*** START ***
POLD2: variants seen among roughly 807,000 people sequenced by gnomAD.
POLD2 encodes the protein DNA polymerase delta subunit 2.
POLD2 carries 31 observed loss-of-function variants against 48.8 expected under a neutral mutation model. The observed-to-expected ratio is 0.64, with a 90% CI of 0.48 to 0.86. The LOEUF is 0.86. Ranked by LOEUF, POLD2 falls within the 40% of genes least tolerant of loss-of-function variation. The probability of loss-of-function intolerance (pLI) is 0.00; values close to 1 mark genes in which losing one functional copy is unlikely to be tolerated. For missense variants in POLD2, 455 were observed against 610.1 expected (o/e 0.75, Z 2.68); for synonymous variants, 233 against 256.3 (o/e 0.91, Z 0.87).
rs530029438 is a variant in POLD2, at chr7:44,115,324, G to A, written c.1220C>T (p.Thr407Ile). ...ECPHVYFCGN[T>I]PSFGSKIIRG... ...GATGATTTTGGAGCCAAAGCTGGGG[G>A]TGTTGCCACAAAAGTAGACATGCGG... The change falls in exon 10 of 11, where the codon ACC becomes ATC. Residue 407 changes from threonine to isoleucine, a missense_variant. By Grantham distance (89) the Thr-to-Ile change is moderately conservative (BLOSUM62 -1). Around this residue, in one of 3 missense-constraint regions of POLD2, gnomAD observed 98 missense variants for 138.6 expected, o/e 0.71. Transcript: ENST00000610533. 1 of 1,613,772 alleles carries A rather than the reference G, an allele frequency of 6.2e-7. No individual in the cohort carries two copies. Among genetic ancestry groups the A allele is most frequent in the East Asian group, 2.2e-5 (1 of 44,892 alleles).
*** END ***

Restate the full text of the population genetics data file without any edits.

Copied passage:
POLD2: variants seen among roughly 807,000 people sequenced by gnomAD.
POLD2 encodes the protein DNA polymerase delta subunit 2.
POLD2 carries 31 observed loss-of-function variants against 48.8 expected under a neutral mutation model. The observed-to-expected ratio is 0.64, with a 90% CI of 0.48 to 0.86. The LOEUF is 0.86. Ranked by LOEUF, POLD2 falls within the 40% of genes least tolerant of loss-of-function variation. The probability of loss-of-function intolerance (pLI) is 0.00; values close to 1 mark genes in which losing one functional copy is unlikely to be tolerated. For missense variants in POLD2, 455 were observed against 610.1 expected (o/e 0.75, Z 2.68); for synonymous variants, 233 against 256.3 (o/e 0.91, Z 0.87).
rs530029438 is a variant in POLD2, at chr7:44,115,324, G to A, written c.1220C>T (p.Thr407Ile). ...ECPHVYFCGN[T>I]PSFGSKIIRG... ...GATGATTTTGGAGCCAAAGCTGGGG[G>A]TGTTGCCACAAAAGTAGACATGCGG... The change falls in exon 10 of 11, where the codon ACC becomes ATC. Residue 407 changes from threonine to isoleucine, a missense_variant. By Grantham distance (89) the Thr-to-Ile change is moderately conservative (BLOSUM62 -1). Around this residue, in one of 3 missense-constraint regions of POLD2, gnomAD observed 98 missense variants for 138.6 expected, o/e 0.71. Transcript: ENST00000610533. 1 of 1,613,772 alleles carries A rather than the reference G, an allele frequency of 6.2e-7. No individual in the cohort carries two copies. Among genetic ancestry groups the A allele is most frequent in the East Asian group, 2.2e-5 (1 of 44,892 alleles).